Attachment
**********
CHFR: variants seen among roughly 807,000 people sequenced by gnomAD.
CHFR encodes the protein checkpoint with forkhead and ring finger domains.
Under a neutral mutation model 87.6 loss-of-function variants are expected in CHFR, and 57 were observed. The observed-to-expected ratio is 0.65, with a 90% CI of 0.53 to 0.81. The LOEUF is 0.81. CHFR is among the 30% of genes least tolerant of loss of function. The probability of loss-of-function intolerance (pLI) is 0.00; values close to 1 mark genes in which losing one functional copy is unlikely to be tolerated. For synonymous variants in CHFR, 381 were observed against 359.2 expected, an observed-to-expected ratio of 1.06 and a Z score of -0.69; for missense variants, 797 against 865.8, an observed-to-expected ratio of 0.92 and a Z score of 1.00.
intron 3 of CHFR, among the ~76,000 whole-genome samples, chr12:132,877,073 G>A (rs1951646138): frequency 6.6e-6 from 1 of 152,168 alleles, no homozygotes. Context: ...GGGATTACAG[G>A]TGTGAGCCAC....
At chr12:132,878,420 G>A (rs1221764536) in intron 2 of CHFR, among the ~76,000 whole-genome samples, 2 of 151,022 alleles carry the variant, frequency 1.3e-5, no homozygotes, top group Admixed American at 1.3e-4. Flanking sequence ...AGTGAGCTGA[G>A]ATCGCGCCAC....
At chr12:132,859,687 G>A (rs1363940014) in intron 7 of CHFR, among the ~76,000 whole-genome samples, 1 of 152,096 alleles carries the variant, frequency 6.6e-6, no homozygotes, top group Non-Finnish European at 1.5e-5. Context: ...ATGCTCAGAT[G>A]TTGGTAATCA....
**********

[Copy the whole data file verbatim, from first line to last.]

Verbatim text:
CHFR: variants seen among roughly 807,000 people sequenced by gnomAD.
CHFR encodes the protein checkpoint with forkhead and ring finger domains.
Under a neutral mutation model 87.6 loss-of-function variants are expected in CHFR, and 57 were observed. The observed-to-expected ratio is 0.65, with a 90% CI of 0.53 to 0.81. The LOEUF is 0.81. CHFR is among the 30% of genes least tolerant of loss of function. The probability of loss-of-function intolerance (pLI) is 0.00; values close to 1 mark genes in which losing one functional copy is unlikely to be tolerated. For synonymous variants in CHFR, 381 were observed against 359.2 expected, an observed-to-expected ratio of 1.06 and a Z score of -0.69; for missense variants, 797 against 865.8, an observed-to-expected ratio of 0.92 and a Z score of 1.00.
intron 3 of CHFR, among the ~76,000 whole-genome samples, chr12:132,877,073 G>A (rs1951646138): frequency 6.6e-6 from 1 of 152,168 alleles, no homozygotes. Context: ...GGGATTACAG[G>A]TGTGAGCCAC....
At chr12:132,878,420 G>A (rs1221764536) in intron 2 of CHFR, among the ~76,000 whole-genome samples, 2 of 151,022 alleles carry the variant, frequency 1.3e-5, no homozygotes, top group Admixed American at 1.3e-4. Flanking sequence ...AGTGAGCTGA[G>A]ATCGCGCCAC....
At chr12:132,859,687 G>A (rs1363940014) in intron 7 of CHFR, among the ~76,000 whole-genome samples, 1 of 152,096 alleles carries the variant, frequency 6.6e-6, no homozygotes, top group Non-Finnish European at 1.5e-5. Context: ...ATGCTCAGAT[G>A]TTGGTAATCA....